What is weaponised incompetence?

The manipulative behaviour that tears apart relationships.
weaponised incompetence

Has your partner ever pretended to be bad at vacuuming, or claimed to not know how to poach an egg? If so, you’re most likely witnessing ‘weaponised incompetence’ happening in real time.

Weaponised incompetence is a passive-aggressive pattern of behaviour where someone in a relationship, whether it be professional or intimate, either deliberately performs a task poorly or pretends not to know how to do a task in order to avoid responsibility.

“Basically it’s an avoidance of responsibilities. It can be strategic and intentional or it can be unintentional. It’s a form of resistance to taking on the mental load or domestic chores,” says psychologist Jocelyn Brewer.

What causes weaponised incompetence?

“There’s loads of causes for weaponised incompetence,” Jocelyn says. “Maybe you have a doting partner that’s good at overfunctioning but it can also be internalised patriarchy as well. It’s this idea of ‘I shouldn’t have to do those things’.”

It’s no secret that despite working just as much as men, women still manage the majority of domestic labour. 

According to the 2018 Household, Income and Labour Dynamics in Australia (HILDA) survey, even when both partners work full time, Australian women are still more likely to take on the majority of chores. This remains the case even when the woman is the primary breadwinner.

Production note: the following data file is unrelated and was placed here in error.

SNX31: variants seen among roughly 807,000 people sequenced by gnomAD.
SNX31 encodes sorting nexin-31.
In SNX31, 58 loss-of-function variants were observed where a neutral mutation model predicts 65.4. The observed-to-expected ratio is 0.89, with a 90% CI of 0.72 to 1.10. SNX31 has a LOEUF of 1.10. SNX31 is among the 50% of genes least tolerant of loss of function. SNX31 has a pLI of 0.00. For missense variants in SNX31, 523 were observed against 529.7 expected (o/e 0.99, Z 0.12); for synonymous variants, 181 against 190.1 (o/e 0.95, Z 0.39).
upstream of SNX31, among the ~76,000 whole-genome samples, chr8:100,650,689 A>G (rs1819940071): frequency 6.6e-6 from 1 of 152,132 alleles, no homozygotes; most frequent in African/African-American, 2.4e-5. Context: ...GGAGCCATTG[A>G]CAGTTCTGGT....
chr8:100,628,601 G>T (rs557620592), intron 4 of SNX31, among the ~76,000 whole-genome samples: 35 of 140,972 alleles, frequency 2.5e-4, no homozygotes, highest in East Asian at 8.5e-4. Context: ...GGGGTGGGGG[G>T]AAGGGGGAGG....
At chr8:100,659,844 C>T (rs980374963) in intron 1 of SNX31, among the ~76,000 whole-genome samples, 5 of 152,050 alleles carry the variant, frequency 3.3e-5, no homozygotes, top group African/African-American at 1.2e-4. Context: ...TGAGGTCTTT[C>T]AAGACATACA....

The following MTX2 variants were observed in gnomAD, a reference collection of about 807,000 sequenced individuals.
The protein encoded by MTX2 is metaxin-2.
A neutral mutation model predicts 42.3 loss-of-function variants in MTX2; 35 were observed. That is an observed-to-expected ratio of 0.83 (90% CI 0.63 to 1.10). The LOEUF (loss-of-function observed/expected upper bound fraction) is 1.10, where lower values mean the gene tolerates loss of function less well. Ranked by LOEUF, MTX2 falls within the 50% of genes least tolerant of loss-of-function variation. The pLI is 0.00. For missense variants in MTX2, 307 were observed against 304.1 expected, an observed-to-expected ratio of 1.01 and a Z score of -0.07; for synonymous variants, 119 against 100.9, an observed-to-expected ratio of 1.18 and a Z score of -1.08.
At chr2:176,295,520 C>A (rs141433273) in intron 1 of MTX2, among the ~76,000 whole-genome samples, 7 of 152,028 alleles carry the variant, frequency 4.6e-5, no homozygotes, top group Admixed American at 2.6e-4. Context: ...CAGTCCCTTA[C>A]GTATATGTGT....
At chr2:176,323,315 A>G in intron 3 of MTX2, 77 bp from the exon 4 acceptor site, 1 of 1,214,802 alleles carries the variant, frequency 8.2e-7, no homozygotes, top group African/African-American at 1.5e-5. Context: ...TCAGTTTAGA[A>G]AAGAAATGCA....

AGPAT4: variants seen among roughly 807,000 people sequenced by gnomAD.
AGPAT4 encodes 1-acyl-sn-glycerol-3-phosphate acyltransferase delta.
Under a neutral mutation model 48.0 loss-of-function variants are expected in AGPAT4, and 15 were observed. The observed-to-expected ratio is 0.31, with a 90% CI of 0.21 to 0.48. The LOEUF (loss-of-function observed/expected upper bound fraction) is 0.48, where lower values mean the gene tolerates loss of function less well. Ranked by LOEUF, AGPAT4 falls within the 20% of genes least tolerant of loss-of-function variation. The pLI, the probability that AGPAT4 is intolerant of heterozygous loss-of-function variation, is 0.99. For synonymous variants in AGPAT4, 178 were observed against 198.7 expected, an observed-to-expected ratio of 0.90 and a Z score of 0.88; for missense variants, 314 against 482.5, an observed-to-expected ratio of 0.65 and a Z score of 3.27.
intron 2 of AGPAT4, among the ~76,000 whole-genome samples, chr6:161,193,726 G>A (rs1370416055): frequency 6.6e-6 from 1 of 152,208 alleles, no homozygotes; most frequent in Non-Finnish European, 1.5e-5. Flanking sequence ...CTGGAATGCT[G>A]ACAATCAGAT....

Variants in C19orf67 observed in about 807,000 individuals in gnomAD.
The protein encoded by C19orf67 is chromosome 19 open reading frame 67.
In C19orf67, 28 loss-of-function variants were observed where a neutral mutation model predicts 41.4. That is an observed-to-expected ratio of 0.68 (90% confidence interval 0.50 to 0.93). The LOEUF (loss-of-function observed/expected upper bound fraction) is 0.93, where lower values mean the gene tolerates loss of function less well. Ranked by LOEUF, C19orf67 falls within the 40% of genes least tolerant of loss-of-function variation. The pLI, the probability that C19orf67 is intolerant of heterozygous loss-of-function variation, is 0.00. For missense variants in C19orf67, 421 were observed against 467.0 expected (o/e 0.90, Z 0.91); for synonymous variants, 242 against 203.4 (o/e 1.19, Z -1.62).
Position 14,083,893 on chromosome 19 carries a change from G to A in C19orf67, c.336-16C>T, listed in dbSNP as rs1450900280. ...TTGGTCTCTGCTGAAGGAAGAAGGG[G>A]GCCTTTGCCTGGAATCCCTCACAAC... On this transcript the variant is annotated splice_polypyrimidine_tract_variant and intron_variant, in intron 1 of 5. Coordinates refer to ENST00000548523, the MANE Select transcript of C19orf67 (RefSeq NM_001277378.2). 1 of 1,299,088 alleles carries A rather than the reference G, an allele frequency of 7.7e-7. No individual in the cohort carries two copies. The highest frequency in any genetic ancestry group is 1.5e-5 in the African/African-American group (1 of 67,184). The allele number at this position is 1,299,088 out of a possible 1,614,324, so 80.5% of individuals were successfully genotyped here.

Moreover, the 2021 HILDA survey found that women do 21 more hours of unpaid work per week compared to men.

“It can also be a way of avoiding doing the boring stuff by dressing it up as ‘oh but you’re so good at this particular chore’. It’s not quite gaslighting but it’s certainly manipulative behaviour.”

Women still disproportionately do the majority of the domestic labour. Getty

What does weaponised incompetence look like? 

As humans, we have a natural thirst for knowledge and learning to do things is a constant in life. However, there’s a difference between simply not knowing how to do something, like use a dishwasher, and an outright refusal to do it altogether.

“Recognising weaponised incompetence is about noticing patterns and noticing whether there’s a genuine sense ‘I don’t know how to do this’. Above all else that person needs to be willing to try to learn and have a growth mindset,” Jocelyn explains.

“But in saying that, we have to be careful that sometimes on the other end of the spectrum, we can get stuck on a particular way of doing things by saying ‘I want you to do it my way’.”

“There’s a great book called Drop the Ball, it’s about being willing to hand over the mental load to our partner because if we overfunction, we can inadvertently give permission to the other person to underfunction.”

How to call out strategic incompetence?

Weaponised incompetence can be disastrous to relationships. It creates an unfair imbalance of the mental and physical labour which can lead to unhappiness and the demise of the relationship altogether.

So how exactly do you call out this behaviour? Jocelyn says that it requires communication and expressing that you’re looking for effort and to relieve the mental and physical load.

However, if you find that even after a discussion, you’re still being met with that same behaviour, does that mean you should break up?

“That’s a complex question,” Jocelyn says. “It comes down to their responsiveness to the conversations you have around those patterns of weaponised incompetence. It depends on whether they’re responsive to that feedback or whether they double down on those behaviours.”

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